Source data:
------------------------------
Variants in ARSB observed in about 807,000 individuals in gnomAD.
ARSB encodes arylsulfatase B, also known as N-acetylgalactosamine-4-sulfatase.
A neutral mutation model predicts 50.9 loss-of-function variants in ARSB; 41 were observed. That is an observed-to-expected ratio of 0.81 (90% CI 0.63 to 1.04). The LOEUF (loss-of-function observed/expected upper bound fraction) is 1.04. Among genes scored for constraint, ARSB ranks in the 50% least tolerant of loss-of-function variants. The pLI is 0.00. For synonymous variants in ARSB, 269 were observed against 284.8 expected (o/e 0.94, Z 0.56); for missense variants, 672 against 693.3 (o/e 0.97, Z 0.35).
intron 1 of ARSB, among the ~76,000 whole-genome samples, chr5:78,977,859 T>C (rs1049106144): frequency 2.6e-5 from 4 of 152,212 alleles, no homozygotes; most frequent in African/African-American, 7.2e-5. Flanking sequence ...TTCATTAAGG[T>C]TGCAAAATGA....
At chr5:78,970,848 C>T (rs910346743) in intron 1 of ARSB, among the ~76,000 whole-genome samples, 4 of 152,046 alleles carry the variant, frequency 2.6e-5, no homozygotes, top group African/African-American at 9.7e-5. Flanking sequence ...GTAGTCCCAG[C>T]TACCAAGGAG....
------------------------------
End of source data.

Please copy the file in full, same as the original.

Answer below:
Variants in ARSB observed in about 807,000 individuals in gnomAD.
ARSB encodes arylsulfatase B, also known as N-acetylgalactosamine-4-sulfatase.
A neutral mutation model predicts 50.9 loss-of-function variants in ARSB; 41 were observed. That is an observed-to-expected ratio of 0.81 (90% CI 0.63 to 1.04). The LOEUF (loss-of-function observed/expected upper bound fraction) is 1.04. Among genes scored for constraint, ARSB ranks in the 50% least tolerant of loss-of-function variants. The pLI is 0.00. For synonymous variants in ARSB, 269 were observed against 284.8 expected (o/e 0.94, Z 0.56); for missense variants, 672 against 693.3 (o/e 0.97, Z 0.35).
intron 1 of ARSB, among the ~76,000 whole-genome samples, chr5:78,977,859 T>C (rs1049106144): frequency 2.6e-5 from 4 of 152,212 alleles, no homozygotes; most frequent in African/African-American, 7.2e-5. Flanking sequence ...TTCATTAAGG[T>C]TGCAAAATGA....
At chr5:78,970,848 C>T (rs910346743) in intron 1 of ARSB, among the ~76,000 whole-genome samples, 4 of 152,046 alleles carry the variant, frequency 2.6e-5, no homozygotes, top group African/African-American at 9.7e-5. Flanking sequence ...GTAGTCCCAG[C>T]TACCAAGGAG....